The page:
US CDC backs Pfizer’s Covid vaccine for children, shooting to start this week


Advisors from the US Centers for Disease Control and Prevention (CDC) unanimously supported widespread use of Pfizer and BioNTech’s COVID-19 vaccines on Tuesday in children aged 5 to 11, with injections ranging from in young arms from Wednesday.

They said the benefits of the vaccine outweigh the risks. Much of their discussion stemmed from rare cases of heart inflammation that have been linked to the vaccine, especially in young men.

CDC director Rochelle Walensky must approve the recommendations before the United States can begin administering the vaccine to children in the age group. The United States Food and Drug Administration on Friday granted emergency use authorization for the vaccine to children aged 5 to 11.

The FDA has cleared a 10 microgram dose of Pfizer vaccine for young children. The original shot given to people 12 years of age and older is 30 micrograms.

At the start of the meeting, Walensky said pediatric hospitalizations had increased during the recent surge caused by the Delta variant of the coronavirus.

The risk of COVID-19 “is too high and too devastating for our children and much higher than many other diseases for which we vaccinate children,” she said.

Walensky said school closures have taken a toll on children’s social and mental health.

“Pediatric vaccination has the power to help us change all of that,” she said.

“We all have a responsibility”

The CDC presented data suggesting that each million vaccines administered could prevent between 80 and 226 hospitalizations in children aged 5 to 11. Once cleared, some 28 million children will be eligible for the vaccine.

Panel members spoke enthusiastically in favor of vaccinating the age group ahead of the vote. Many said they were anxious for their children or grandchildren in the age range to be vaccinated.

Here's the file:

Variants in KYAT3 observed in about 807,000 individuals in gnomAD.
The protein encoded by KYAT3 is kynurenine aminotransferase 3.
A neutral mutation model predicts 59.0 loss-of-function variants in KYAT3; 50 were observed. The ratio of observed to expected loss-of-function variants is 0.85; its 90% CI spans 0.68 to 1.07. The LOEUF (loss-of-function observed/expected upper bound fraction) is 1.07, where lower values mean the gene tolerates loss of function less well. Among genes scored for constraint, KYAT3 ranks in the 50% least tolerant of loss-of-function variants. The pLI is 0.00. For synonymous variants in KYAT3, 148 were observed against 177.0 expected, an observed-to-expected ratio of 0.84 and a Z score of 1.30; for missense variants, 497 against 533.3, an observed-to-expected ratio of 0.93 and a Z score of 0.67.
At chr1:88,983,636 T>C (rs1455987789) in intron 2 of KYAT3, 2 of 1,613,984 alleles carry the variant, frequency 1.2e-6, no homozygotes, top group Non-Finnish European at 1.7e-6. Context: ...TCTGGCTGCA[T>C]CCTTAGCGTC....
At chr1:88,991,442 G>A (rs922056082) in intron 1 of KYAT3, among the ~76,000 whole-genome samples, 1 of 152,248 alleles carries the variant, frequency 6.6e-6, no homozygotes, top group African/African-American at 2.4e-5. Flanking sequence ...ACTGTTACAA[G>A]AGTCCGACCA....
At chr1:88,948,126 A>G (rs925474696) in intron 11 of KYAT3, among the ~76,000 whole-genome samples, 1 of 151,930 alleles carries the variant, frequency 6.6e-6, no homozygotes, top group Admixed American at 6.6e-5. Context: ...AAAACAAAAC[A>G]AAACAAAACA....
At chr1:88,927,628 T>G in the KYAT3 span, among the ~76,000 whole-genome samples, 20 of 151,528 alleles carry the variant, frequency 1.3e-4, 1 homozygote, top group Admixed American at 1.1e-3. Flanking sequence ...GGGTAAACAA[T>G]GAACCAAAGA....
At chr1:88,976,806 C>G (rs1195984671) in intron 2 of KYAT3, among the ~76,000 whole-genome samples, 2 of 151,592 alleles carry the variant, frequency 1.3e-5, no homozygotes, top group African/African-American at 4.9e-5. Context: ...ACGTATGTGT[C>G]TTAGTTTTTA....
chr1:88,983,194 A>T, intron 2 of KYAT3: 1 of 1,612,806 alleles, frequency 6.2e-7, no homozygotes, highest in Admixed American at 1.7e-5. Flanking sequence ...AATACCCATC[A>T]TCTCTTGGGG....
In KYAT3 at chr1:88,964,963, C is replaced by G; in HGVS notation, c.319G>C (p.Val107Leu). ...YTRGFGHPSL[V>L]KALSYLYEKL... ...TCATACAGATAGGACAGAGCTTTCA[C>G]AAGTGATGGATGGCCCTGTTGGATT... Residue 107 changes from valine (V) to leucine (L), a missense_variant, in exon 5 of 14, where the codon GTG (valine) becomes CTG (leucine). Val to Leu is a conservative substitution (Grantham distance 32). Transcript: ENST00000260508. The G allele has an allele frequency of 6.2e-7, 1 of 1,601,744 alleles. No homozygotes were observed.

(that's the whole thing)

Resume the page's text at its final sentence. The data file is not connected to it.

“I think I have a responsibility – we all have a responsibility – to make this vaccine available to children and their parents,” said Dr Beth Bell, panel member, School of Public Health. University of Washington. “We have excellent evidence of efficacy and safety. We have a favorable risk / benefit analysis. And we have many parents who are really asking for and wanting to have their children vaccinated.”

Pfizer and BioNTech said their vaccine showed 90.7% efficacy against the coronavirus in a clinical trial in children aged 5 to 11.

“The vote was unanimous because the evidence is so clear. Children aged 5 to 11 are better immunized,” Ashish Jha, dean of the Brown University School of Public Health who was not a member of the panel, said in a Twitter post after the vote.

The US government and Pfizer have already started distributing the vaccine for widespread deployment to children, many of whom are returning to school for in-person learning.

“We have already shipped to dozens of states this weekend and Monday,” Pfizer chief executive Albert Bourla said in an interview. “There is a Herculean effort so there will be doses available everywhere.”

Earlier this week, the White House said the United States has an adequate supply of Pfizer / BioNTech vaccine for the 28 million children aged 5 to 11. While some children may be able to receive their first injections as early as Wednesday, the plans are for the United States. The pediatric vaccine program will be in full swing by next week, a Biden administration official said.

Only a few other countries, including China, Cuba and the United Arab Emirates, have so far authorized COVID-19 vaccines for children in this age group and younger.

In the United States, around 58% of the population is fully vaccinated, lagging behind other countries like the United Kingdom and France.

The proportion of young children who receive the injections may be even lower. Only about 47% of young Americans between the ages of 12 and 15 are vaccinated.

U.S. states with the highest COVID-19 vaccination rates in adults are forecasting a large vaccine surge compared to states where reluctance remains high, which could widen protection gaps nationwide, said public health officials and experts.



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